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Paddle the west branch of the Penobscot River

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Talk to any avid paddlers and they get a little misty-eyed discussing the west branch of the Penobscot River in Maine’s North Woods. The river has achieved legendary status thanks to the writings of naturalist-philosopher Henry David Thoreau. He would paddle the Penobscot twice, in 1853 and 1857, led by his trusty guide, Joe Polis, whom he referred to as “Indian Joe,” a reference to his Penobscot Indian lineage. Were it not for Thoreau’s good friend Horace Greeley, who published Thoreau’s poignant observations posthumously in 1864 in a book titled simply “The Maine Woods,” some of the earliest American musings on conservation would have been lost. The best way to commemorate the 150th anniversary of the publication is to follow in Thoreau’s wake. Kevin Slater, a registered Maine guide, learned these waterways and the skill to carve his own canoes from his Native American mentor, whom he refers to as “the old-timer.” Spend four days on the water in July, with the potential to spot moose, bear, loons, and osprey. In the backdrop is mighty Mount Katahdin, the end point of the Appalachian Trail. “It was vast, Titanic, such as man never inhabits,” Thoreau noted in “The Maine Woods.” No doubt you’ll agree.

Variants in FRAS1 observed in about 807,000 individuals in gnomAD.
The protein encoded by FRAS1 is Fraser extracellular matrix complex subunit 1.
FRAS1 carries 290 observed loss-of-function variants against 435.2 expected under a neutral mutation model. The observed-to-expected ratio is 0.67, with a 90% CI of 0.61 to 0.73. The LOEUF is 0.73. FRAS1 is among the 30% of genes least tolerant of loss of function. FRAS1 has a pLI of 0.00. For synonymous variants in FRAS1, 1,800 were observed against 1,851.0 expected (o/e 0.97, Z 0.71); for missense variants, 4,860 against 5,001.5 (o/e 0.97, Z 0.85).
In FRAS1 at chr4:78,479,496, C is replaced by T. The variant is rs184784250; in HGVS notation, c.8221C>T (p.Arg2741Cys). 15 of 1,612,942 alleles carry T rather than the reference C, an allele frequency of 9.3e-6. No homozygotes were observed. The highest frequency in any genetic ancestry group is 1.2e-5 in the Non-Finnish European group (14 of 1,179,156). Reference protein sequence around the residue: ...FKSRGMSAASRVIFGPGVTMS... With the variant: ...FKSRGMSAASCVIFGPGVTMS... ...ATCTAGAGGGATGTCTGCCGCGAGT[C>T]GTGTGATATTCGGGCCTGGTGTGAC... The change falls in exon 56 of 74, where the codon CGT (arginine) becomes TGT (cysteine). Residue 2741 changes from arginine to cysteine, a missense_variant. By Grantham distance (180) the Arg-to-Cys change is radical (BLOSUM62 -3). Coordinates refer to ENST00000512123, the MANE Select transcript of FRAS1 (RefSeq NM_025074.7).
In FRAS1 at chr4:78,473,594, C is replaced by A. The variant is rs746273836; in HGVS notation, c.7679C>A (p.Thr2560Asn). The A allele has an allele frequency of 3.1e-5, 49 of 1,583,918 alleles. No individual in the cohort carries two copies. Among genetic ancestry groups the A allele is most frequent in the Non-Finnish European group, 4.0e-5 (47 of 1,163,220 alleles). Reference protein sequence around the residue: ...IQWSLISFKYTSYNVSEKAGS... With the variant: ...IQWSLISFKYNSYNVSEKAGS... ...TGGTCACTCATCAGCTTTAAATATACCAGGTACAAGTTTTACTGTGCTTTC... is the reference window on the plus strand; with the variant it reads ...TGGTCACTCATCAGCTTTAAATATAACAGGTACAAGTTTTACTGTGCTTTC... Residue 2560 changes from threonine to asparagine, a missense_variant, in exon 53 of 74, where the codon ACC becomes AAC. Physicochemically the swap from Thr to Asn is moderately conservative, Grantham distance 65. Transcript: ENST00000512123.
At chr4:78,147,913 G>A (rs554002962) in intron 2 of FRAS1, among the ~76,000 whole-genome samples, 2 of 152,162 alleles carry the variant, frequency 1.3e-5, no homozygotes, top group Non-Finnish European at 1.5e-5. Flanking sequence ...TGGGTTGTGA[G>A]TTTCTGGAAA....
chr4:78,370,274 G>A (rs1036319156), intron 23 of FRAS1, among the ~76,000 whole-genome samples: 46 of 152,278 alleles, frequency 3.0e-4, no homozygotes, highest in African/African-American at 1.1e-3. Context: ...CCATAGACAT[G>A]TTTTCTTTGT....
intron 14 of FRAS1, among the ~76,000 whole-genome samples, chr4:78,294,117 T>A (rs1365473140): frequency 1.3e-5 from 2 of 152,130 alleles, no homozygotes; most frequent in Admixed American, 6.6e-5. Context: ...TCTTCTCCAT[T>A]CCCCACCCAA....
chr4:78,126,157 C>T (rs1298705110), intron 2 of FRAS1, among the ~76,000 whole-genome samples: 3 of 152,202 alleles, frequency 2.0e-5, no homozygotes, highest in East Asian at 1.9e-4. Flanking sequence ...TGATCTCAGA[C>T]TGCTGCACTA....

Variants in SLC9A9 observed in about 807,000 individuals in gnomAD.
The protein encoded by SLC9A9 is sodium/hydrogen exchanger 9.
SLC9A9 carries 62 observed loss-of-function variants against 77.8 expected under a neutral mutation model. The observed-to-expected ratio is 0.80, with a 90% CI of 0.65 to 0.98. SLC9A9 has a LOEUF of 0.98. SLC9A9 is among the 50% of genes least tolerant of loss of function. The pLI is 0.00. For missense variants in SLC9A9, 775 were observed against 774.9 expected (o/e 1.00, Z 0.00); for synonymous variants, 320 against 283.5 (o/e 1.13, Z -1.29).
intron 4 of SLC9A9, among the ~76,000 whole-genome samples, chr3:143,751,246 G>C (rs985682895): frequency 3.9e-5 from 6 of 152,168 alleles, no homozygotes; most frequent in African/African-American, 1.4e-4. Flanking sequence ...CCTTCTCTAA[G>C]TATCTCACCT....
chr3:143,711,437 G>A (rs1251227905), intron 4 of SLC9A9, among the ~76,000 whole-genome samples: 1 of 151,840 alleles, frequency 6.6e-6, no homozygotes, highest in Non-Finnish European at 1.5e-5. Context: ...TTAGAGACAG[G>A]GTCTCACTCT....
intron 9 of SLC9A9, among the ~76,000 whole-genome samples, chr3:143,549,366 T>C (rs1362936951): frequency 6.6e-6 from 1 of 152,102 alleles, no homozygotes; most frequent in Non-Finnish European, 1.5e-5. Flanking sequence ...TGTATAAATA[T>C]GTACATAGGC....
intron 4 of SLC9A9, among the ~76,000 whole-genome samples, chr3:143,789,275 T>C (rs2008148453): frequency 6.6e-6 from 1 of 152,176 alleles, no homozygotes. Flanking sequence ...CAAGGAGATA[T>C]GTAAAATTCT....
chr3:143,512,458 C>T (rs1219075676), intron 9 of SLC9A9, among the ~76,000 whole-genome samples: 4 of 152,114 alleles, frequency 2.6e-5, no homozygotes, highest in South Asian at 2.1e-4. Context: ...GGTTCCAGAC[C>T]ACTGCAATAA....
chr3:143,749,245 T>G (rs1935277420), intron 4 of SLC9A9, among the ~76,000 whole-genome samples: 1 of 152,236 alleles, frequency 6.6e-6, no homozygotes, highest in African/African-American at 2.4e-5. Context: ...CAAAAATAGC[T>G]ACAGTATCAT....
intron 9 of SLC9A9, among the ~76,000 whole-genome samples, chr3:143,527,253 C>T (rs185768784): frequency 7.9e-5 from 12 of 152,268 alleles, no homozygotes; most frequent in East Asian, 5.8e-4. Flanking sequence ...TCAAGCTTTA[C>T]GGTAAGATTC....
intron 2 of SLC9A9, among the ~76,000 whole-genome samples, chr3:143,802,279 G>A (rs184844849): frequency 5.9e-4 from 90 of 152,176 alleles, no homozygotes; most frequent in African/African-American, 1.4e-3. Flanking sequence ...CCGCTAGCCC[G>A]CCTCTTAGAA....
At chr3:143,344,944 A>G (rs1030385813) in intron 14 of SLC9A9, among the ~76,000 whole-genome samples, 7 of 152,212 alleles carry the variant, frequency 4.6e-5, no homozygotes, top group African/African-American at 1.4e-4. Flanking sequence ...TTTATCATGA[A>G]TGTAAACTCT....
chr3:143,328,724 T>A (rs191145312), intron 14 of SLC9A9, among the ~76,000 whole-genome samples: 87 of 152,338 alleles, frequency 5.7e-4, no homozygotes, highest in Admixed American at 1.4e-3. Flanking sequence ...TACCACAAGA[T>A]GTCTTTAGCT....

MAHOOSUC GUIDE SERVICE July 27-31, $775 per person including guide, camping, food, www.mahoosuc.com

Steve Jermanok can be reached at farandaway@comcast.net.
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